Today, while walking to the park, I was almost hit by a car. I had for the first time in my life the overwhelming fear at facing my own sudden demise.

The street I was crossing is a major road in my neighborhood, with one side being the beginning of the park. I was approaching from the other side, and was crossing at the crosswalk, which has a flashing light that by law requires cars to stop for any pedestrians.

crosswalk

Sadly, very few Atlanta drivers obey this law.

On top of that, all of the metal barriers were left up from the marathon that had been run the day before. I positioned myself in front of one of these barriers, and waited for the cars to either stop or clear the intersection before crossing.

Finally, a large SUV stopped for me. I could not see around it, but waved thanks to the driver and began crossing. That’s when I heard a horn honk, and the car behind the SUV pulled out and suddenly was barreling straight at me.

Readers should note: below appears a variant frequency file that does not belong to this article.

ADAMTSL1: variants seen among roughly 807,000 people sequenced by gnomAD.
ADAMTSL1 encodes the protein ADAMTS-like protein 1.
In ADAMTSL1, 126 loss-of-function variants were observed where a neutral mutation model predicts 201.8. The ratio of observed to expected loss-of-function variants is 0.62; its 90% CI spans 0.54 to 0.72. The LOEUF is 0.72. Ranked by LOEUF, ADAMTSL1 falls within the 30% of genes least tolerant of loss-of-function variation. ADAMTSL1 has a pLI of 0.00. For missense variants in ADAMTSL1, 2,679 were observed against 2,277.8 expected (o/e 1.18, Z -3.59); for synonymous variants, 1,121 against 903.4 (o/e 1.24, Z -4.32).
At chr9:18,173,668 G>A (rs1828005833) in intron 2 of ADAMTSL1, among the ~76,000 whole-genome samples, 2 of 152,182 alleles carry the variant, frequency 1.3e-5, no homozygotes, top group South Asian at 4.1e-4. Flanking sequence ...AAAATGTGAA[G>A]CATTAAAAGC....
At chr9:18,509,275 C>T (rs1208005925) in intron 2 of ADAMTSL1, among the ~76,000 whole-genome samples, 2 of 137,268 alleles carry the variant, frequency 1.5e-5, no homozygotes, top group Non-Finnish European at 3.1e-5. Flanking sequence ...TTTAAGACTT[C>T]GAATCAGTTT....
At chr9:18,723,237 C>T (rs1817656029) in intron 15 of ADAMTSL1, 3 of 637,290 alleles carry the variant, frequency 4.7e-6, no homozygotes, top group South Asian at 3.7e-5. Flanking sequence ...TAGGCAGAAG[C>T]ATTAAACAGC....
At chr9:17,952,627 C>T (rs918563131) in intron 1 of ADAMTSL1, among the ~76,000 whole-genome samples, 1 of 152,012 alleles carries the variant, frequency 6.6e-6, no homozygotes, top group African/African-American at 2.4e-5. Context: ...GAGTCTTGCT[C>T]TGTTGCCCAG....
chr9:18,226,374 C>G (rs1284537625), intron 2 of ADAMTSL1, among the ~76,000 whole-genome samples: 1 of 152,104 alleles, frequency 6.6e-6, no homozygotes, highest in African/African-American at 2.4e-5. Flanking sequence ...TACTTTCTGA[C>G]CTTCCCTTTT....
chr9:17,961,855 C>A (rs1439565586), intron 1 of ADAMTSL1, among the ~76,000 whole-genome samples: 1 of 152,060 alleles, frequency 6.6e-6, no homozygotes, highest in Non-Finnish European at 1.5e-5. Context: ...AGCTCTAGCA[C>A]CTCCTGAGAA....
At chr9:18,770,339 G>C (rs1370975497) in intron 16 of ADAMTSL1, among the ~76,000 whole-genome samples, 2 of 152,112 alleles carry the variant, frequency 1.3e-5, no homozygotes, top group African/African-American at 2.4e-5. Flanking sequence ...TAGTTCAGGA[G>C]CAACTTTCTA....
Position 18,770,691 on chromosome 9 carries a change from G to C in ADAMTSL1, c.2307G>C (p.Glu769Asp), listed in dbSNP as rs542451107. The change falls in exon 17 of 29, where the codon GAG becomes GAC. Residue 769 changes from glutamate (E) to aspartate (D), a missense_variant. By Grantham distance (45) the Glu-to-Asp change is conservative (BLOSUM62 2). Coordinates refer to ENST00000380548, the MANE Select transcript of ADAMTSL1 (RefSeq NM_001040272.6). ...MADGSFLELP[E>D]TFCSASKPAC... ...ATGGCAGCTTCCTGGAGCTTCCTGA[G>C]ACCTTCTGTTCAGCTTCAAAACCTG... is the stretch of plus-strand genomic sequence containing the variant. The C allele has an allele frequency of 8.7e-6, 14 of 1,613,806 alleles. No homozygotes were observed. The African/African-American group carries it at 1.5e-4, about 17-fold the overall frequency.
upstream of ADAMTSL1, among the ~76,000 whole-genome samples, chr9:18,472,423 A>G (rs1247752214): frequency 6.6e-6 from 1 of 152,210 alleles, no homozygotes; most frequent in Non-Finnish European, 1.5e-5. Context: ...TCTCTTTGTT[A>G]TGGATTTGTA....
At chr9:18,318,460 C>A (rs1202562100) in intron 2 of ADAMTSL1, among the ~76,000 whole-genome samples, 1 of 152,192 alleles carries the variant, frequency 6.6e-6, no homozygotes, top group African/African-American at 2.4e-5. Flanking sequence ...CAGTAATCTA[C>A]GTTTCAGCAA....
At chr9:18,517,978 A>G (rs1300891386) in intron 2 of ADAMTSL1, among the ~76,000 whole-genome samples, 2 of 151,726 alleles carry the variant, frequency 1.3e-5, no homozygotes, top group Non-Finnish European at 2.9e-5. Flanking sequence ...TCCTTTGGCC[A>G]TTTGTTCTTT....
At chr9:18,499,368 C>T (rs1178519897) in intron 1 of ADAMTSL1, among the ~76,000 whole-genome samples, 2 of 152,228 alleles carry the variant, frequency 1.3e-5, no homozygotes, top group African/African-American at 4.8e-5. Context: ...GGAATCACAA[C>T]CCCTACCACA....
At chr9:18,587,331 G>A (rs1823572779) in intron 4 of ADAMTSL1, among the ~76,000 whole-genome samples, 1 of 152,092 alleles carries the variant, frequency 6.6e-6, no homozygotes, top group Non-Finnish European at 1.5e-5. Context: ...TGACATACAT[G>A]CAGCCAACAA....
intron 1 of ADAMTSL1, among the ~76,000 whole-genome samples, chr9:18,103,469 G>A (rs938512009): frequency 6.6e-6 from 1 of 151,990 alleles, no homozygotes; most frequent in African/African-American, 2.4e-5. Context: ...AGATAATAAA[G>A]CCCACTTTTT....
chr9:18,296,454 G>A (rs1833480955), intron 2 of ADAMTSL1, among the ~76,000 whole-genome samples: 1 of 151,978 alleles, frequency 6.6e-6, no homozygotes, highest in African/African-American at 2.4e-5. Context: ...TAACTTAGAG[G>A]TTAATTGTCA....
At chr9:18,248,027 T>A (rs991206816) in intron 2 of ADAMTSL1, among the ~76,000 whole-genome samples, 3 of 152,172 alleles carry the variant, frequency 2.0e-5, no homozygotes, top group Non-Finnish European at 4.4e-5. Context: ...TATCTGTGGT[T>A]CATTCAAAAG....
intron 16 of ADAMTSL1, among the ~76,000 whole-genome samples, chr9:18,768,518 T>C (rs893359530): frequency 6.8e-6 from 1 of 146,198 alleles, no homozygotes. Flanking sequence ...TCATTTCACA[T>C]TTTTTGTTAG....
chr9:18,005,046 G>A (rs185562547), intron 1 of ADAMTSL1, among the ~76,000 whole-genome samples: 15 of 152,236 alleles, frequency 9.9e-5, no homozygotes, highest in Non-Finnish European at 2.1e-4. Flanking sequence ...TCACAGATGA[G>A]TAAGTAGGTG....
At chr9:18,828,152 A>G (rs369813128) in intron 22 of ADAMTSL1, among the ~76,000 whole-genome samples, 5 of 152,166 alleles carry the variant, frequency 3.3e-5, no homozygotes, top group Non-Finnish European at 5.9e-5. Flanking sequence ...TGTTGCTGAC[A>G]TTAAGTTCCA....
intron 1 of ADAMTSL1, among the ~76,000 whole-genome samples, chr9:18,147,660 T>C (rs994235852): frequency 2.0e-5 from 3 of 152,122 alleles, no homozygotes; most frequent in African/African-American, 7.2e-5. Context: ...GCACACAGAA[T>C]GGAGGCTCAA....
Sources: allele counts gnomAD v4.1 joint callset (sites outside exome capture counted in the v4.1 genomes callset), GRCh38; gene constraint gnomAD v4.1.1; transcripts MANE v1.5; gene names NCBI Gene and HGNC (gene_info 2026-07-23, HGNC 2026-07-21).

I froze, fully expecting to be struck by the car. I put my hand out, I guess hoping to launch myself on the hood instead of going under the wheels.

Fortunately, the impatient driver had good brakes. My hand landed on the hood of the car as it came to a halt.

To say the least, I was shaken. I had wanted to go for a long walk and brainstorm some of the ideas I have for essays about taking care of my mother. Instead I spent most of the time shaking off that brush with death.

I guess the takeaway is that you never know when you are leaving this world. It could be crossing a street you’ve crossed safely a hundred times in your neighborhood. Try to make each day as satisfying as possible.

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Glen Campbell documentary ‘I’ll Be Me’ a powerful, profound look at Alzheimer’s